November 19, 2021 | 13:29
U.S. Consumers: The Spirit Might Not Be So Willing
One paradox of the U.S. recovery is the wide chasm between how shoppers feel and how they behave. Consumer confidence is sagging, while spending, overall, remains strong. The University of Michigan’s confidence gauge sits at a decade low, while the Conference Board’s measure, though still comfortably above normal, has plunged since the summer. The latter metric is holding up better than the former only because it puts more emphasis on labour markets, which are strong. But even with job prospects nearly the best on record, consumer attitudes are much weaker than before the pandemic.
Yet, despite sagging spirits, consumers are opening their wallets and tap, tap, tapping their debit cards. Retail sales shot up 1.7% last month, and that was after earlier big gains. Although personal consumption growth downshifted to a middling 1.6% annual rate in the third quarter, this followed back-to-back quarterly gains in excess of 11% (stoked by stimulus cheques) and was held back by a limited supply of motor vehicles that led to the biggest reversal in auto spending in four decades.
You might ask then—given strong job growth (nearly four million new payrolls in the past six months), faster wage gains, zooming wealth, extra savings, and a receding Delta wave (until recently)—why American shoppers have turned glum? The answer, in part, likely involves a combination of COVID fatigue, the end of income-support and loan/rent forbearance programs, and the fact that many lower-income households have neither benefited much from soaring equity markets or (for renters) house prices, nor built up much savings. According to the BLS’s Consumer Expenditure Survey, the typical family in the two lowest income quintiles spent all of their income in 2020 (the latest data available). For many households, the road to higher living standards runs through a higher-paying job rather than a heated equity or housing market. True, wages are rising faster; in fact, the employment cost index’s 3.7% y/y advance in Q3 was the most in 17 years. But the entire increase, and more, was gobbled up by inflation. While well-off households can afford to pay higher prices out of ample savings, many others struggle to make ends meet on a budget stretched thinner by rising prices. The highest inflation in three decades likely explains part of the slump in consumer sentiment. Conference Board respondents expect the highest 12-months-ahead inflation in 13 years at 7%.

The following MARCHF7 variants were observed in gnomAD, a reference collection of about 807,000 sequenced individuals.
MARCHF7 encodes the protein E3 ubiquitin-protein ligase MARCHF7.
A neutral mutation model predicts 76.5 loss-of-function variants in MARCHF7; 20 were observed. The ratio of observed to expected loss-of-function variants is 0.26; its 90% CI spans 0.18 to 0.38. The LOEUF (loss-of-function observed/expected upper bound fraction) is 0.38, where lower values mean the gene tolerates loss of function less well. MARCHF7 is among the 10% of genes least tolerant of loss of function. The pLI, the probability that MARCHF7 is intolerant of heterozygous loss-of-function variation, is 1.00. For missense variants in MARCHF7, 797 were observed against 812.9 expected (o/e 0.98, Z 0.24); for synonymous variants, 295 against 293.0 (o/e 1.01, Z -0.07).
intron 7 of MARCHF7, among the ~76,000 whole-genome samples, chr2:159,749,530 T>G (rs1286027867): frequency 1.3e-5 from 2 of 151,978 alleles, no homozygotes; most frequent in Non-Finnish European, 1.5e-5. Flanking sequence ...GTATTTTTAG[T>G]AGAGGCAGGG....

The Fed’s strategy of welcoming moderately higher inflation for a period, while working to get the jobless rate down fast, did benefit many households, initially. But with inflation now running much hotter than forecast—last December the median FOMC member expected PCE inflation of just 1.8% in the current quarter, while next week’s October report is expected to print 5.2% and 4.2% for the core; oops—and with labour markets possibly tighter now than before the pandemic (according to our in-house metric), this strategy now runs the grave risk of backfiring badly. For most workers, wage gains haven’t kept pace with inflation. And, if the situation persists in 2022, consumers could well remain in a foul mood, putting the recovery at risk in the event of a shock. That's not our base-case view, but something to keep in mind.